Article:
Aftershocks of revolution: nuncios to videos - Chiapas, Mexico guerrilla revolt
CUERNAVACA, Mexico - Snowballing opposition to Archbishop Girolamo Prigione, Mexico's unpopular papal nuncio, is the only topic that can nudge its way past Chiapas onto the front pages of Mexico's national newspapers.
On Feb. 2, in the Pacific coast town of Colima, Prigione, in full episcopal regalia, ran from reporters across the town square and hid in a cosmetology and cooking school. The local bishop exhorted the reporters not to divide the church by reporting on Prigione's problems.
This week two leading Protestant clergymen joined the growing clamor for Prigione's resignation. Raul Ruiz Avila, the Methodist bishop of Mexico City, said, "The nuncio has become a political interventionist and does not belong in our country." Alberto Montalvo, president of the National Forum of Evangelical Churches, said, "If the papal representative is not positive and does not represent a spirit of peace,...we believe he should leave Mexico."
On Feb. 1, a group of 46 Catholic intellectuals and lay leaders representing 25 significant organizations chided Mexico's bishops for their support of Prigione and demanded his resignation.
Meanwhile, press coverage of human rights abuses in Chiapas has provoked ugly reactions. On Feb. 1, La Jornada, Mexico's leading daily, revealed that its director general and five of its reporters and editors had received death threats from a group calling itself The Mexican Anti-Communist Front for being partial to the EZLN, the Zapatista National Liberation Army, in the Chiapas crisis.
La Jornada appealed to the international press and to human rights organizations to come to its aid.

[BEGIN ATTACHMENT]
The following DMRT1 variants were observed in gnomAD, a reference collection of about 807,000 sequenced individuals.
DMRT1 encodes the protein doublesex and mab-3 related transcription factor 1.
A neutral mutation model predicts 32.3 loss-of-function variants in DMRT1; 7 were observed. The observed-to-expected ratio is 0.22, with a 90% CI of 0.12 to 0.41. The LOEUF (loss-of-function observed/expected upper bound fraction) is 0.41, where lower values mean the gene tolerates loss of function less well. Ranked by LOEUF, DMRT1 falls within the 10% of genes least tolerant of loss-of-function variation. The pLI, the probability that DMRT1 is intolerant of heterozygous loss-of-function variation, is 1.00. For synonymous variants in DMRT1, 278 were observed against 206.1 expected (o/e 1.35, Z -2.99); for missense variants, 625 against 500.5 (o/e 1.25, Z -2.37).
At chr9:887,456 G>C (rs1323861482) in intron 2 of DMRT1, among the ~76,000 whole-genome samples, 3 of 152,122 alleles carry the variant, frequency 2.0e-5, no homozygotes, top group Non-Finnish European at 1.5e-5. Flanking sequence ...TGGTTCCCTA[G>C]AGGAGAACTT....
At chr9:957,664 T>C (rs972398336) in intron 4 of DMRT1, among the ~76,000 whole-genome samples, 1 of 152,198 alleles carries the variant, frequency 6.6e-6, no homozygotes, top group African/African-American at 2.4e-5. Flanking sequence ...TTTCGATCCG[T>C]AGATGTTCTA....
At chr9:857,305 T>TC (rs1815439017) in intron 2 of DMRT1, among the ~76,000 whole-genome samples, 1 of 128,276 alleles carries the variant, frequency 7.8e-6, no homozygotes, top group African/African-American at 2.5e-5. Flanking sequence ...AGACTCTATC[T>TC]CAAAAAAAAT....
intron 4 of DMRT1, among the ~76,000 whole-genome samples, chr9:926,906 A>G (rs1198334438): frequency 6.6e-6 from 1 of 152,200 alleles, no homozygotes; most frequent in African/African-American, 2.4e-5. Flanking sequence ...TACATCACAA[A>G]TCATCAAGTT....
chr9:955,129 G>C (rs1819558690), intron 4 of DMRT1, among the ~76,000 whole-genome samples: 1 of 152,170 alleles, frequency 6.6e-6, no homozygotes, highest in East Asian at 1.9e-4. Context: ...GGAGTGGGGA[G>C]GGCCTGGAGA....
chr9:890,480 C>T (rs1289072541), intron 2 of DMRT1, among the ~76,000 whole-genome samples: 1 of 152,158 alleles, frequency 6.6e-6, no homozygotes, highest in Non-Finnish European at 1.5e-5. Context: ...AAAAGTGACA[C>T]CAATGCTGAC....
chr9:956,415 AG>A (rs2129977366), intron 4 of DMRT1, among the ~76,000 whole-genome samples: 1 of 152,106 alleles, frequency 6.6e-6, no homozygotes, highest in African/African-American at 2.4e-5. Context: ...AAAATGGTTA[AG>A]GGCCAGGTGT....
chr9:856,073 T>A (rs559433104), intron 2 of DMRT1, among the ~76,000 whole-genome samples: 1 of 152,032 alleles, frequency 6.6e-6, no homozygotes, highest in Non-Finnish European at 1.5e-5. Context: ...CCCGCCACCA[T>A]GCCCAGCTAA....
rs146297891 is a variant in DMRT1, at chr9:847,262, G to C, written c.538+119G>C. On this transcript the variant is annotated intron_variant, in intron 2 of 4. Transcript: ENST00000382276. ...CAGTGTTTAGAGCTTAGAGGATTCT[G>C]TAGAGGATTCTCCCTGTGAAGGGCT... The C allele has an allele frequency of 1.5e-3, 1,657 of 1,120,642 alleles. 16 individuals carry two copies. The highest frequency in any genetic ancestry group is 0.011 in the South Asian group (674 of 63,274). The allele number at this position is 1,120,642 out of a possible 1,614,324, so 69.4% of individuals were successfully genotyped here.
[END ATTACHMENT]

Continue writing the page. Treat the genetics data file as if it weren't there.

Quick to react, the Permanent Commission of the National Congress condemned the threats and demanded that government authorities investigate and expose the origin of "these attacks and calumnies."
On Feb. 5, however, six reporters from La Jornada, Proceso and Reforma were attacked near their hotel in San Cristobal de Las Casas by a group identified as sons of wealthy Chiapas landowners. Two of the reporters were seriously injured.
Mexico's right-wing press has not been silent in the face of the Chiapas struggle. The Feb. 2 issue of Siempre, a weekly whose readers are well-to-do Mexicans, insisted that Bishop Samuel Ruiz of San Cristobal de las Casas is an arms merchant who has been selling weapons to the guerillas for years. It also claimed that the legendary masked sub-commandante, Marcos, is a Catholic priest, although it produced little or no proof, and that a Canadian Vincentian sister, Janine Biazot, was one of the rebels who captured the town of Las Margaritas. Another article laid the blame for the uprising squarely on the Jesuits and liberation theologians who have unsettled the Indian way of life.
Cable Sixth of July, an independent TV production studio, sold 4,000 copies of its video, "The War in Chiapas (Uncensored)," on the first day of its release. Groups all over Mexico are sharing the video, which graphically depicts human rights abuses by the Mexican military and bombardment of poor neighborhoods. The TV studio is named for the date of what some term the "great fraud," the presidential election of 1988.
Little noticed in the EZLN struggle in Chiapas is the presence of women in all ranks of the militants' leadership, including Sub-commandante Ramona. This week the EZLN released to the press its ten commandments on the role of women in the revolution.
"Women regardless of race, religion, color or political affiliation," the statement begins, "may participate in the struggle at any level their talents and interests dictate. They have the right to work and receive a just salary. They may decide how many children they wish to bear.
"They have the right to participate in decision-making and may vote in all elections. They and their children have the first right to medical attention. They have the right to an education and to freely choose whom they will marry. No man has the right to harm a woman either within the family or outside of it. Violators of this right will immediately and severely punished. Women may occupy any position of leadership in civilian or military life."